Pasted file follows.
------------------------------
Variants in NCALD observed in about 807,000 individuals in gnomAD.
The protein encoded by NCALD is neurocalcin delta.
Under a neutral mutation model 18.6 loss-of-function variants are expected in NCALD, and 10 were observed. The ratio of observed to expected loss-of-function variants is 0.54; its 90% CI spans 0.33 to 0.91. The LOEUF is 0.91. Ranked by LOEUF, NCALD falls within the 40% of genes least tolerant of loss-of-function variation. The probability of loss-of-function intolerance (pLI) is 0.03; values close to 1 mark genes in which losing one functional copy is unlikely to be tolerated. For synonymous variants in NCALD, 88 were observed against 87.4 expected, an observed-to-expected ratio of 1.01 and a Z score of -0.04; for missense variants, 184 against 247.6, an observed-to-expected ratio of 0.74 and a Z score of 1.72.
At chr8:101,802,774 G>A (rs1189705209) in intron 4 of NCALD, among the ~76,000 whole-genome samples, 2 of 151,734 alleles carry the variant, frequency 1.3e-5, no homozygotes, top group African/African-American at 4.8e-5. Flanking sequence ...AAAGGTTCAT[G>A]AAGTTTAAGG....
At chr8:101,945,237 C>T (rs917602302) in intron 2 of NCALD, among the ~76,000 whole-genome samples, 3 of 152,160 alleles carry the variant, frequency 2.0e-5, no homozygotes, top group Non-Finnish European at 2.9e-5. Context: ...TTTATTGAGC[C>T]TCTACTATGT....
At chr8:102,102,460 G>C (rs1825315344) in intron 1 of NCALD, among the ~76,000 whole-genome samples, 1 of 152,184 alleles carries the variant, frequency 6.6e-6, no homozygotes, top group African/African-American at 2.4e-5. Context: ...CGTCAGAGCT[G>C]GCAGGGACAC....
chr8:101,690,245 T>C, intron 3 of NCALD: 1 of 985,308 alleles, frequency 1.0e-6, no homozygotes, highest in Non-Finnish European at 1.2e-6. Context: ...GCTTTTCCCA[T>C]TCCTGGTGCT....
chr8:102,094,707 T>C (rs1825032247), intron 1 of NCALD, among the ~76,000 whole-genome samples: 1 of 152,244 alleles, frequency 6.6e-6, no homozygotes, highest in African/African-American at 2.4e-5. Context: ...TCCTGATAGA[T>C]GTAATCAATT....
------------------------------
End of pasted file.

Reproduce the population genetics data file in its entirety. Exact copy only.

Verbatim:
Variants in NCALD observed in about 807,000 individuals in gnomAD.
The protein encoded by NCALD is neurocalcin delta.
Under a neutral mutation model 18.6 loss-of-function variants are expected in NCALD, and 10 were observed. The ratio of observed to expected loss-of-function variants is 0.54; its 90% CI spans 0.33 to 0.91. The LOEUF is 0.91. Ranked by LOEUF, NCALD falls within the 40% of genes least tolerant of loss-of-function variation. The probability of loss-of-function intolerance (pLI) is 0.03; values close to 1 mark genes in which losing one functional copy is unlikely to be tolerated. For synonymous variants in NCALD, 88 were observed against 87.4 expected, an observed-to-expected ratio of 1.01 and a Z score of -0.04; for missense variants, 184 against 247.6, an observed-to-expected ratio of 0.74 and a Z score of 1.72.
At chr8:101,802,774 G>A (rs1189705209) in intron 4 of NCALD, among the ~76,000 whole-genome samples, 2 of 151,734 alleles carry the variant, frequency 1.3e-5, no homozygotes, top group African/African-American at 4.8e-5. Flanking sequence ...AAAGGTTCAT[G>A]AAGTTTAAGG....
At chr8:101,945,237 C>T (rs917602302) in intron 2 of NCALD, among the ~76,000 whole-genome samples, 3 of 152,160 alleles carry the variant, frequency 2.0e-5, no homozygotes, top group Non-Finnish European at 2.9e-5. Context: ...TTTATTGAGC[C>T]TCTACTATGT....
At chr8:102,102,460 G>C (rs1825315344) in intron 1 of NCALD, among the ~76,000 whole-genome samples, 1 of 152,184 alleles carries the variant, frequency 6.6e-6, no homozygotes, top group African/African-American at 2.4e-5. Context: ...CGTCAGAGCT[G>C]GCAGGGACAC....
chr8:101,690,245 T>C, intron 3 of NCALD: 1 of 985,308 alleles, frequency 1.0e-6, no homozygotes, highest in Non-Finnish European at 1.2e-6. Context: ...GCTTTTCCCA[T>C]TCCTGGTGCT....
chr8:102,094,707 T>C (rs1825032247), intron 1 of NCALD, among the ~76,000 whole-genome samples: 1 of 152,244 alleles, frequency 6.6e-6, no homozygotes, highest in African/African-American at 2.4e-5. Context: ...TCCTGATAGA[T>C]GTAATCAATT....